WGRE COLUMN: All songs considered

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A slew of new tunes have been added to WGRE as we approach the Ides of March and, more ominously, midterms. Ranging from a former Fleet Foxes drummer to a Canadian electronic duo, the music staff hopes these additions can freshen up an otherwise overcast March.

Father John Misty – “True Affection” – The dissemination of Fleet Foxes was a dagger in the heart for countless indie folk fans. Despite the gapping hole in listeners’ hearts that was once filled with the Foxes’ pleasant tracks, one shining light remains amidst the aftermath: Father John Misty. The former drummer named Joshua Tillman kick-started his side project with 2012’s "Fear Fun." Having followed a drug-induced psychedelic trip, Tillman’s debut album was seen as evidence of his experimental intentions.

This is furthered in Tillman’s February release "I Love You, Honeybear." The disc’s self-titled track initiates the album, as swaying orchestration and relational cynicism coast through its entirety. “True Affection” impressively strays away from this norm, though, as Tillman encapsulates the track with heavy synths and layered percussion. Similarly singing about plagues to modern relationships, Tillman proves through his electronic mixing that his range is by no means limited to folk. This could be an initial taste of the next potential avenue for Tillman to explore.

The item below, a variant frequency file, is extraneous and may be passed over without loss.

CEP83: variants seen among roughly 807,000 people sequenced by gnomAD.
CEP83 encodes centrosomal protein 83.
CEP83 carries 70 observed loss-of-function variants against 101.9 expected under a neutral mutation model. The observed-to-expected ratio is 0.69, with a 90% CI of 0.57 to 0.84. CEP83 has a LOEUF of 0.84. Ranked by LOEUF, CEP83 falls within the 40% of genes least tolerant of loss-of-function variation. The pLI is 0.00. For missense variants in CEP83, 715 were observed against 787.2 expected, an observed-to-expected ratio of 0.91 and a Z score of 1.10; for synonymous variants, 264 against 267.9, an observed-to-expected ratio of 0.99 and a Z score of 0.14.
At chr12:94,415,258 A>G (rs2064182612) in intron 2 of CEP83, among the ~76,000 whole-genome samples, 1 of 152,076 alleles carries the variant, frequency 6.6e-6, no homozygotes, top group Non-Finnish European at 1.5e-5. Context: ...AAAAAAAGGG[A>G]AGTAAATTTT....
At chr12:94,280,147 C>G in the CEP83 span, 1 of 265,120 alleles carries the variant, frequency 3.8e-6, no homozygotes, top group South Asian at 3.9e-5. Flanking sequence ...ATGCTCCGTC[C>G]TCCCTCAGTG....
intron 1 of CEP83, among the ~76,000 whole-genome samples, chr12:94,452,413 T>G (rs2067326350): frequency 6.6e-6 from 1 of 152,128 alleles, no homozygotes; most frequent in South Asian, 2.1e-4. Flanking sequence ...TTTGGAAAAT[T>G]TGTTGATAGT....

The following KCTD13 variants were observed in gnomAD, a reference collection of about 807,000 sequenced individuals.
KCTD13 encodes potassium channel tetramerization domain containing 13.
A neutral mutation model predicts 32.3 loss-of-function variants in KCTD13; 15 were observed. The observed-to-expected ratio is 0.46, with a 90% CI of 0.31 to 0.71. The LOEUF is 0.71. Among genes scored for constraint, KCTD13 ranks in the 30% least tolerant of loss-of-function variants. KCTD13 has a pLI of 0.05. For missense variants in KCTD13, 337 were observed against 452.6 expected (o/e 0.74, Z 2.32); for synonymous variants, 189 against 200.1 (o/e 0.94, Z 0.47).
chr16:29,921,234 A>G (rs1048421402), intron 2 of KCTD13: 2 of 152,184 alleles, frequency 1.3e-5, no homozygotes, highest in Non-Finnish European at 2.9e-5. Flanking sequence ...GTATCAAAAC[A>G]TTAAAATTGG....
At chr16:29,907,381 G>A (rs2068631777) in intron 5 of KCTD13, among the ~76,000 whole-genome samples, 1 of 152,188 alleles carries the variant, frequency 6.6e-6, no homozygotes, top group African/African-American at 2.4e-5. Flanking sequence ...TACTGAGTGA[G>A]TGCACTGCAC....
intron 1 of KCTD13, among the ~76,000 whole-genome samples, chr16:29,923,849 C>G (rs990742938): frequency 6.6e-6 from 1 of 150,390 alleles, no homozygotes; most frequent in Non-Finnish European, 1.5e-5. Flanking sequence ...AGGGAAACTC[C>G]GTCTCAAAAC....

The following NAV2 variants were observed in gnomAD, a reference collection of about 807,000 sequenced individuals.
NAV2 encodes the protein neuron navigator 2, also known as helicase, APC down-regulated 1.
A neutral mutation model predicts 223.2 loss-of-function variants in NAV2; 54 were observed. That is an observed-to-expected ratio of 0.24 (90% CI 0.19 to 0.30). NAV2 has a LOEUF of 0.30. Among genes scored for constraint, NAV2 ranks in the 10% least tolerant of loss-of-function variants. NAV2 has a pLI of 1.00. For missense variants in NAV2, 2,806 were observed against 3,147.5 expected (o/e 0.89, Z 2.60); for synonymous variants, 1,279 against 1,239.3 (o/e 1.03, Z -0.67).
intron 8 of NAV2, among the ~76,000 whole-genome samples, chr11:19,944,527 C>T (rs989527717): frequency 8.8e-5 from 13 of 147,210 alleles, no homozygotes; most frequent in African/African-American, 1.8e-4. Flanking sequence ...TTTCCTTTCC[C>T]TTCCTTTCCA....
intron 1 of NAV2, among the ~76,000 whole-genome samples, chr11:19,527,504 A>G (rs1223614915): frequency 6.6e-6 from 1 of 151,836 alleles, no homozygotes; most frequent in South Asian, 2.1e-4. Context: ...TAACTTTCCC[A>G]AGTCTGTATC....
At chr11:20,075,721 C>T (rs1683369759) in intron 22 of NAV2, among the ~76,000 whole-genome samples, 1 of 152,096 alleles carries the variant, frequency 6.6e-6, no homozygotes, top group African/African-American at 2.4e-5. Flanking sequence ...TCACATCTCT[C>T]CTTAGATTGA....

Colleen Green – “Deeper Than Love” – Sub Pop songstress Colleen Green shows off her punk tendencies in "I Want To Grow Up." Her third album since 2011 is filled with gritty riffs and bubbly sarcasm. “TV” and “I Want To Grow Up” emphasize Green’s experiences in maturing and relying on technology.

“Deeper Than Love” transcends this, though, as an eerie six-minute display of Green’s internal thoughts. Undermined by unprecedented synths, the dark atmosphere in “Deeper Than Love” is actually a refreshing detour midway through the otherwise lively album.

Purity Ring – “Dust Hymns” – Purity Ring’s recent release, "Another Eternity," arrives at a pivotal point in the Canadian duo’s career. As the duo’s sophomore album, "Another Eternity" grants the opportunity to verify longevity and display influences that have arisen since 2012’s "Shrines." Although it isn’t overly noteworthy in its entirety, “Heartsigh,” and “Push Pull” remind listeners of the duo’s charming vocals and similitude with Scottish trio CHVRCHES.

While this isn’t a drastic change from "Shrines," individual tracks like “Dust Hymns,” provide a tenacious twist from the rest of "Another Eternity." Megan James’ lead is complimented with elements of trap music. Craftily implemented, this approach intensifies the track without exhausting it.